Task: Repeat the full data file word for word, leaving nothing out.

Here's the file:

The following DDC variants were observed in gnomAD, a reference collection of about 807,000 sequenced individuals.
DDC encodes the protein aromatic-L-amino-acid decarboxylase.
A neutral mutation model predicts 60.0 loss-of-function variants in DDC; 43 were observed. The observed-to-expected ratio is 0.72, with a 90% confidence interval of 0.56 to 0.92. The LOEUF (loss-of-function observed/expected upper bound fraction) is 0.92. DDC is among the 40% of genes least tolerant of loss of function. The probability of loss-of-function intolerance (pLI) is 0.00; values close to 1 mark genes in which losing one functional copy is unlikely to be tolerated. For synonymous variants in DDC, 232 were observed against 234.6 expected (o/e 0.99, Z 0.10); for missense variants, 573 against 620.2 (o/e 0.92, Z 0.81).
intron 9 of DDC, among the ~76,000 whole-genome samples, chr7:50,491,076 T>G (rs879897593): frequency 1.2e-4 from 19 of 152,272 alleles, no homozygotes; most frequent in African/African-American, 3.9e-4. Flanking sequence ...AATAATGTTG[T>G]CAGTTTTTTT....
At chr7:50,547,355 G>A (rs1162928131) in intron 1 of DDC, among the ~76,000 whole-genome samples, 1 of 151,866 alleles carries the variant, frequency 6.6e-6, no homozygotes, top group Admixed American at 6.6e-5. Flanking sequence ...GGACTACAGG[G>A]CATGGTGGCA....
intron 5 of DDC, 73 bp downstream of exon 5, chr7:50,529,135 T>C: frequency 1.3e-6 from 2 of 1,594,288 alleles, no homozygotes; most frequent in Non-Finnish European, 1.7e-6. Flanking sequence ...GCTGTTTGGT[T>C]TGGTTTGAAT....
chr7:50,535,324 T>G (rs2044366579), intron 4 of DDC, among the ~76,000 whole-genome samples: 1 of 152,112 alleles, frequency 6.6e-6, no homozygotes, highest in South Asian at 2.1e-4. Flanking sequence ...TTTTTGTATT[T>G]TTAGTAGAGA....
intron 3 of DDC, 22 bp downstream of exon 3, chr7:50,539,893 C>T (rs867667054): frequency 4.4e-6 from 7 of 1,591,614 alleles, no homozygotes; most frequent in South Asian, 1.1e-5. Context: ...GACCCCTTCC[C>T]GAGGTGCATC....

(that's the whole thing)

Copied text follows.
The following DDC variants were observed in gnomAD, a reference collection of about 807,000 sequenced individuals.
DDC encodes the protein aromatic-L-amino-acid decarboxylase.
A neutral mutation model predicts 60.0 loss-of-function variants in DDC; 43 were observed. The observed-to-expected ratio is 0.72, with a 90% confidence interval of 0.56 to 0.92. The LOEUF (loss-of-function observed/expected upper bound fraction) is 0.92. DDC is among the 40% of genes least tolerant of loss of function. The probability of loss-of-function intolerance (pLI) is 0.00; values close to 1 mark genes in which losing one functional copy is unlikely to be tolerated. For synonymous variants in DDC, 232 were observed against 234.6 expected (o/e 0.99, Z 0.10); for missense variants, 573 against 620.2 (o/e 0.92, Z 0.81).
intron 9 of DDC, among the ~76,000 whole-genome samples, chr7:50,491,076 T>G (rs879897593): frequency 1.2e-4 from 19 of 152,272 alleles, no homozygotes; most frequent in African/African-American, 3.9e-4. Flanking sequence ...AATAATGTTG[T>G]CAGTTTTTTT....
At chr7:50,547,355 G>A (rs1162928131) in intron 1 of DDC, among the ~76,000 whole-genome samples, 1 of 151,866 alleles carries the variant, frequency 6.6e-6, no homozygotes, top group Admixed American at 6.6e-5. Flanking sequence ...GGACTACAGG[G>A]CATGGTGGCA....
intron 5 of DDC, 73 bp downstream of exon 5, chr7:50,529,135 T>C: frequency 1.3e-6 from 2 of 1,594,288 alleles, no homozygotes; most frequent in Non-Finnish European, 1.7e-6. Flanking sequence ...GCTGTTTGGT[T>C]TGGTTTGAAT....
chr7:50,535,324 T>G (rs2044366579), intron 4 of DDC, among the ~76,000 whole-genome samples: 1 of 152,112 alleles, frequency 6.6e-6, no homozygotes, highest in South Asian at 2.1e-4. Flanking sequence ...TTTTTGTATT[T>G]TTAGTAGAGA....
intron 3 of DDC, 22 bp downstream of exon 3, chr7:50,539,893 C>T (rs867667054): frequency 4.4e-6 from 7 of 1,591,614 alleles, no homozygotes; most frequent in South Asian, 1.1e-5. Context: ...GACCCCTTCC[C>T]GAGGTGCATC....